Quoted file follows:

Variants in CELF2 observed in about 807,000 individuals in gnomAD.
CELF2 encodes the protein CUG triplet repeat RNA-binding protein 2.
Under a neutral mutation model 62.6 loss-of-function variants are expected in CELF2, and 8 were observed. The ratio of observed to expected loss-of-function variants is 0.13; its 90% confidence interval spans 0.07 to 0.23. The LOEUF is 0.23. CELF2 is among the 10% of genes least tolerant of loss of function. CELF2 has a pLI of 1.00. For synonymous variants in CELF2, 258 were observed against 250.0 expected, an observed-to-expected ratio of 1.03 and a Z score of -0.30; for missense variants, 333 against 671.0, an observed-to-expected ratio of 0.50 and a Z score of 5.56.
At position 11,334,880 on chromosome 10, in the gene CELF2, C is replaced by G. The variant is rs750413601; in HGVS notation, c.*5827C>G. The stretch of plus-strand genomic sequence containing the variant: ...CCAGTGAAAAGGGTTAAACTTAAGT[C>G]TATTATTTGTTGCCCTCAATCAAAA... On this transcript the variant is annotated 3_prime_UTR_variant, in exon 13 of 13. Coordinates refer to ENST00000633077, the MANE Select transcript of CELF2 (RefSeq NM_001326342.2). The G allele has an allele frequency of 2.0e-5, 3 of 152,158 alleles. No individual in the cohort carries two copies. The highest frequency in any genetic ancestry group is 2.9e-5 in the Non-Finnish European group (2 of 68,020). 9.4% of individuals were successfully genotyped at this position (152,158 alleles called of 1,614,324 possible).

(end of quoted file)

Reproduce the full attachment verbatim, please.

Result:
Variants in CELF2 observed in about 807,000 individuals in gnomAD.
CELF2 encodes the protein CUG triplet repeat RNA-binding protein 2.
Under a neutral mutation model 62.6 loss-of-function variants are expected in CELF2, and 8 were observed. The ratio of observed to expected loss-of-function variants is 0.13; its 90% confidence interval spans 0.07 to 0.23. The LOEUF is 0.23. CELF2 is among the 10% of genes least tolerant of loss of function. CELF2 has a pLI of 1.00. For synonymous variants in CELF2, 258 were observed against 250.0 expected, an observed-to-expected ratio of 1.03 and a Z score of -0.30; for missense variants, 333 against 671.0, an observed-to-expected ratio of 0.50 and a Z score of 5.56.
At position 11,334,880 on chromosome 10, in the gene CELF2, C is replaced by G. The variant is rs750413601; in HGVS notation, c.*5827C>G. The stretch of plus-strand genomic sequence containing the variant: ...CCAGTGAAAAGGGTTAAACTTAAGT[C>G]TATTATTTGTTGCCCTCAATCAAAA... On this transcript the variant is annotated 3_prime_UTR_variant, in exon 13 of 13. Coordinates refer to ENST00000633077, the MANE Select transcript of CELF2 (RefSeq NM_001326342.2). The G allele has an allele frequency of 2.0e-5, 3 of 152,158 alleles. No individual in the cohort carries two copies. The highest frequency in any genetic ancestry group is 2.9e-5 in the Non-Finnish European group (2 of 68,020). 9.4% of individuals were successfully genotyped at this position (152,158 alleles called of 1,614,324 possible).